It's been an emotional transition to kindergarten for both my daughter and me. Yesterday I took a walk on the beach to try to wash away the look in her eyes as she announced in the morning that she did not want to go to school. I remember that feeling all too well. Leaving the comfort of my mother's knowing gaze and her arms that when wrapped around me made the world melt away. I ended up standing in the surf of the Great Mother, my pants wet up to the tops of my legs. She wrapped herself around me just like my momma did when I was a little girl.

I found one of those places on the shore where the shape of the sand causes the waves to hesitate for a moment and wash sideways before rolling back down to the ocean. I had waves rolling in behind me from both sides, the weight of the water almost knocking me down. I was grateful for that little nudge, which brought amusement to my morning.

Photo by Kathleen Keagy
But what struck me most about those waves was the hesitation. Before they accelerated back down to the ocean, the waves luxuriated in a moment on the sand. That's how I feel these days. Like it's time to luxuriate for a moment and reap the rewards of the work I have already done to let go of what is not mine and what is no longer useful.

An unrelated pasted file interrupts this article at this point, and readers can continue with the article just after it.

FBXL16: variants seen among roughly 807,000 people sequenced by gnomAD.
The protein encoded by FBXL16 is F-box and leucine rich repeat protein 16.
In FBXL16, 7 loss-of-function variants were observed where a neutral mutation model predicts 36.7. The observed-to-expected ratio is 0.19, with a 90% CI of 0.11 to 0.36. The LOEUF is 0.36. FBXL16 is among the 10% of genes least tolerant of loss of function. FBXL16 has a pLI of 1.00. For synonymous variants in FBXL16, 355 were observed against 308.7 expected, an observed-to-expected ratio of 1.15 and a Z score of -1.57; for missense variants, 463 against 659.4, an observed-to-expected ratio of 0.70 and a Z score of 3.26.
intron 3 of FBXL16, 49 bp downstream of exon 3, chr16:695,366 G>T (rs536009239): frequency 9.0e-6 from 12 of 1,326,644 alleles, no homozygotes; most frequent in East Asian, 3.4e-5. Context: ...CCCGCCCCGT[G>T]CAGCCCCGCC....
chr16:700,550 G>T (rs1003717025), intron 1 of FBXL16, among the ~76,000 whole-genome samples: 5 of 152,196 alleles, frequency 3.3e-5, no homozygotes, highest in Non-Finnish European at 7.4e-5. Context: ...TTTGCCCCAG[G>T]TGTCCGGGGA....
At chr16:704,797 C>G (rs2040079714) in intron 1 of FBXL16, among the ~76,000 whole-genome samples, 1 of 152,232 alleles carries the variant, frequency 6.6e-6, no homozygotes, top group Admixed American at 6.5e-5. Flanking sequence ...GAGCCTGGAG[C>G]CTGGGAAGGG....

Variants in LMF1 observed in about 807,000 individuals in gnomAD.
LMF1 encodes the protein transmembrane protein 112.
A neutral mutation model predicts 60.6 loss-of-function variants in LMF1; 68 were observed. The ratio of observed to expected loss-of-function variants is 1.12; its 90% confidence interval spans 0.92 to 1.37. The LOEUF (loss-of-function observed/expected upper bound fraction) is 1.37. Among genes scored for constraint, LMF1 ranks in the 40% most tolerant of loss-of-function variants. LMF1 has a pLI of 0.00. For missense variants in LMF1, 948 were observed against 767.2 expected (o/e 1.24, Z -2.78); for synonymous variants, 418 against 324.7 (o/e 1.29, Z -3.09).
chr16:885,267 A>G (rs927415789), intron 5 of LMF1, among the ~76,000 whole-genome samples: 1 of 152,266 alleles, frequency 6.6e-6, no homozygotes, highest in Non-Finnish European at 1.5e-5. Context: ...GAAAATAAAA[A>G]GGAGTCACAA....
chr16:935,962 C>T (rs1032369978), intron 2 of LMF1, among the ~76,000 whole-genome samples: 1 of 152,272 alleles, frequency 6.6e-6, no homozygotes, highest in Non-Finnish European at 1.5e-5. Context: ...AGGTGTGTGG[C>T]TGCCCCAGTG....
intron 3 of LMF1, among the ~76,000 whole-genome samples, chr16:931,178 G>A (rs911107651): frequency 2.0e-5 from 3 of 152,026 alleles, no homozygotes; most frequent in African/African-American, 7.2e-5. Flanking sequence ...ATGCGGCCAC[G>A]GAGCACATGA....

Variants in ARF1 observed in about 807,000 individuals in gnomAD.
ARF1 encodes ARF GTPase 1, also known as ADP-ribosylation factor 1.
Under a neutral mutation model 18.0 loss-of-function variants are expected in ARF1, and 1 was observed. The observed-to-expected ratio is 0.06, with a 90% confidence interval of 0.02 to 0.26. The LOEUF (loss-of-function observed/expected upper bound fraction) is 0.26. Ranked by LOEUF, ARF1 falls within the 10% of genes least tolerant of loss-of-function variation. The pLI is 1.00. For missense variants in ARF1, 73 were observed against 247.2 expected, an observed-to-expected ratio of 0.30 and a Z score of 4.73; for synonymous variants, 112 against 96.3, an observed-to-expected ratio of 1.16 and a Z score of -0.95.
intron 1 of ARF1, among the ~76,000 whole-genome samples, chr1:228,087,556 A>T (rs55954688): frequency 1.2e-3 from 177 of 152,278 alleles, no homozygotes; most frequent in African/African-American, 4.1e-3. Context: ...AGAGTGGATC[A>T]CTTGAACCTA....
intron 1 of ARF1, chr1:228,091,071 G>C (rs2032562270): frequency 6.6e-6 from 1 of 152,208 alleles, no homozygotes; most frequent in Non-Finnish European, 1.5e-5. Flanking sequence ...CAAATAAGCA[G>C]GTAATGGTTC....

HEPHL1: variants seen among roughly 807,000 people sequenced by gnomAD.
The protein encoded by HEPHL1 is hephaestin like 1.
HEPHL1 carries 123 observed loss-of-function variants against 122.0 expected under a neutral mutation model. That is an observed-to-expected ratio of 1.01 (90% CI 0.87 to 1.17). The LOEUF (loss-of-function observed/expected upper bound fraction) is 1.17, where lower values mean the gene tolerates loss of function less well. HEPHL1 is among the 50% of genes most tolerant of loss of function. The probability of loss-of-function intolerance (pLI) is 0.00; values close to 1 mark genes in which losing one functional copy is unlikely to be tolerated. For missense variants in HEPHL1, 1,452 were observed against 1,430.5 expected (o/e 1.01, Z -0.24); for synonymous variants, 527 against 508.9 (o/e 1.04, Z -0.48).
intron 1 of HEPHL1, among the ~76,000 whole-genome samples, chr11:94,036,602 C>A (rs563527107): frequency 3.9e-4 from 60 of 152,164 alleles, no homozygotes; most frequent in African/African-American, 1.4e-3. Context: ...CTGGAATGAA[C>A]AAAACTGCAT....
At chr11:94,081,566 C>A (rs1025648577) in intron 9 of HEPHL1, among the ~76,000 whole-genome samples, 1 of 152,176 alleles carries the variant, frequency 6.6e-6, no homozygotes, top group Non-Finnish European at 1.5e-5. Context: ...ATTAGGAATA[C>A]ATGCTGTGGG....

I have a tendency to fill my days with doing, but some of this has been about running from what I knew would creep out if I allowed myself to stand still. Lately I'm feeling a little empty. I've felt empty before, but this empty has a magical quality to it. This time I am not a balloon. I can hold my shape without being filled from the outside. This time I feel like a classical urn, my curved walls rising to define me whether empty or full. And I'm not sure I want to get filled up yet.

There are projects brewing in the background. Stories to be written. And I still have a 5-year-old who wants my attention. But for now I'm feeling okay with taking time to feel the sand between my toes. To sit and watch the sun arc over my head minute by minute.

If I allow myself, I think I will learn a lot from empty.

Thursday, September 8, 2011

What Is Buried

A storm surge caused by weather off New Zealand brought waves up to ten feet high last week to our little piece of the Pacific Coast that normally sees less than three foot waves this time of year. It brought water nearly to our doorstep while the impact of the surf pounded the sand like a bass drum, reverberating through our home. The churning exposed a striated rock-face of ancient tar compressed into black stone and tossed two inches of fine black sand--so soft and springy that it felt like walking in the clouds--onto the shore.

The beach is recovering—the black sand washing out to sea and the black rock-face disappearing under the sand. But there is something significant in this revealing of what is buried. It is much like the emotional landscape of my world over the last few weeks. Something long-buried was dug up and exposed. And it came up with fury, as if it had been trying to make its way to the surface for many years and then thrust itself forth at the smallest relief of the weight that had buried it. 

Photo by Kathleen Keagy
That passion has eased and the regularity of daily routines is slowly covering up its raw face, but for a few weeks I caught a glimpse of the anger that I am carrying that is so old it has been compressed into stone. Anger from lives so long ago that I would need to dig like an archaeologist to understand the culture that informed its creation--using the shards of memory around it to date its origin.